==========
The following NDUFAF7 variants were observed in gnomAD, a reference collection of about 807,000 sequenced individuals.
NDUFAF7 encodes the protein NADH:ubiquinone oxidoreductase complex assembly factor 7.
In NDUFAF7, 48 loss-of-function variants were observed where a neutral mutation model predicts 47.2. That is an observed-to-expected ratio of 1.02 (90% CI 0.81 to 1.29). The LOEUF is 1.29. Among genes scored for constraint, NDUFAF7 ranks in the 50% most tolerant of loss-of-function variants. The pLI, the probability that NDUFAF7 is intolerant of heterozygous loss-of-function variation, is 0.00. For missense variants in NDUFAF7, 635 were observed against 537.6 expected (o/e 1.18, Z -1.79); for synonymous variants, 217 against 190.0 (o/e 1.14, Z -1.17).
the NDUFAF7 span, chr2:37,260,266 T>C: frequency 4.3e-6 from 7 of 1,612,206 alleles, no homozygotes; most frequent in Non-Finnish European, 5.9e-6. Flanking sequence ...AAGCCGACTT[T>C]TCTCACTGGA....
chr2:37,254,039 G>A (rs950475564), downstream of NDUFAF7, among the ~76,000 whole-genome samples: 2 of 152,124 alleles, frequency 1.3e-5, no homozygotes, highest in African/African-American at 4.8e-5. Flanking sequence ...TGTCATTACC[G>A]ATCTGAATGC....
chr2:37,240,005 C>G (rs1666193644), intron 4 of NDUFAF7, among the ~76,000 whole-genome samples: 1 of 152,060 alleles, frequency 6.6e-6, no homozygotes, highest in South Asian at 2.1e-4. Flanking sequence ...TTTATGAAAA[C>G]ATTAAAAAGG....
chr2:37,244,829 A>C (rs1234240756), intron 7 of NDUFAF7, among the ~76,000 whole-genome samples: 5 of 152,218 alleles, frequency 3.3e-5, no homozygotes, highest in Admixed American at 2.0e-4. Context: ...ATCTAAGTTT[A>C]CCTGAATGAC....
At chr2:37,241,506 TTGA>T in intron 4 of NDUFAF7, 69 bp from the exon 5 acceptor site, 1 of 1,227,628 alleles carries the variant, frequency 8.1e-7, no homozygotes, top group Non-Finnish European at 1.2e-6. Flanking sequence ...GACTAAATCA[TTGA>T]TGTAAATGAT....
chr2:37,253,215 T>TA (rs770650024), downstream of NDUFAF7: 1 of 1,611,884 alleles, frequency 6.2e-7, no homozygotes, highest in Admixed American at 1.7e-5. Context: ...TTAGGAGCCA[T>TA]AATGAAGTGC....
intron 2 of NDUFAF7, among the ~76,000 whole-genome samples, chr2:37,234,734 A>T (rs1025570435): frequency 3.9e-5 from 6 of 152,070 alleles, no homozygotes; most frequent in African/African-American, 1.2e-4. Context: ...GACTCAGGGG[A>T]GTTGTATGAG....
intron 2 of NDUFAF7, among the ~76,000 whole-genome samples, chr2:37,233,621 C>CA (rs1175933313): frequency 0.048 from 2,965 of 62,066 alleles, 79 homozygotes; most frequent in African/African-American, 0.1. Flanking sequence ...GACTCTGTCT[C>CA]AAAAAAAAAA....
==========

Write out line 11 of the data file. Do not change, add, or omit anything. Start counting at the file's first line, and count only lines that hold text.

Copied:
intron 2 of NDUFAF7, among the ~76,000 whole-genome samples, chr2:37,233,621 C>CA (rs1175933313): frequency 0.048 from 2,965 of 62,066 alleles, 79 homozygotes; most frequent in African/African-American, 0.1. Flanking sequence ...GACTCTGTCT[C>CA]AAAAAAAAAA....